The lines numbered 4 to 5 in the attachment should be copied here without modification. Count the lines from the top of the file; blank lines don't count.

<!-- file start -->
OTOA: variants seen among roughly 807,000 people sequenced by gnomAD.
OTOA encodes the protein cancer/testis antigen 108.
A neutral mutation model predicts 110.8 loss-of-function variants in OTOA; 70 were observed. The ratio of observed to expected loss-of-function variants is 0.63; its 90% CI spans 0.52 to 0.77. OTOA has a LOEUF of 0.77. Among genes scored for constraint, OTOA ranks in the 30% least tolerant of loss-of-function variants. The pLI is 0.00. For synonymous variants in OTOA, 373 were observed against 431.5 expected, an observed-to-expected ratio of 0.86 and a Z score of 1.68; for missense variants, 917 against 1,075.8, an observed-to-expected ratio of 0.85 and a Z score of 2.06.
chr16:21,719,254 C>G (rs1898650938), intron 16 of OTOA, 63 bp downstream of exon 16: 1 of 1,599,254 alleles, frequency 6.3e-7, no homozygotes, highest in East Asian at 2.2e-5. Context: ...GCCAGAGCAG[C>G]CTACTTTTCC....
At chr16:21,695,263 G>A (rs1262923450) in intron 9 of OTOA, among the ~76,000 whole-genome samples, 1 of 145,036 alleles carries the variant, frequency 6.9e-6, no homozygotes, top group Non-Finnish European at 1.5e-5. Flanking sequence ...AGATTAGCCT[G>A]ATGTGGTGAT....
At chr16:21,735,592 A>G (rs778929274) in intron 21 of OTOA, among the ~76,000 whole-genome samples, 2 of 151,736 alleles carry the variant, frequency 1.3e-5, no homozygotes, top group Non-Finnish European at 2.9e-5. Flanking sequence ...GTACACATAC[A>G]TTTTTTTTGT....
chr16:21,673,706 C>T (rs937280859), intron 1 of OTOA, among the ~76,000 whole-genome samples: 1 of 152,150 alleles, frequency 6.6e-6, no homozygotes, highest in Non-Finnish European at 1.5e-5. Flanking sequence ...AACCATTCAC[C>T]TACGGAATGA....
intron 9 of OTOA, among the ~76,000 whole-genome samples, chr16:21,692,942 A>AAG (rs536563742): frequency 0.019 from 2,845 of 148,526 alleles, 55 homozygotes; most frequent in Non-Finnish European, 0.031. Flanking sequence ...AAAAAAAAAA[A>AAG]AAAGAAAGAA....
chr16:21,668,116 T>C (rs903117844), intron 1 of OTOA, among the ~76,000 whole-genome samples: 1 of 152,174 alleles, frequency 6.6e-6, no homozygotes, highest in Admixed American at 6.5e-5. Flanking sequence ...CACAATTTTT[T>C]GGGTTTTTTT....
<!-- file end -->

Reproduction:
chr16:21,719,254 C>G (rs1898650938), intron 16 of OTOA, 63 bp downstream of exon 16: 1 of 1,599,254 alleles, frequency 6.3e-7, no homozygotes, highest in East Asian at 2.2e-5. Context: ...GCCAGAGCAG[C>G]CTACTTTTCC....
At chr16:21,695,263 G>A (rs1262923450) in intron 9 of OTOA, among the ~76,000 whole-genome samples, 1 of 145,036 alleles carries the variant, frequency 6.9e-6, no homozygotes, top group Non-Finnish European at 1.5e-5. Flanking sequence ...AGATTAGCCT[G>A]ATGTGGTGAT....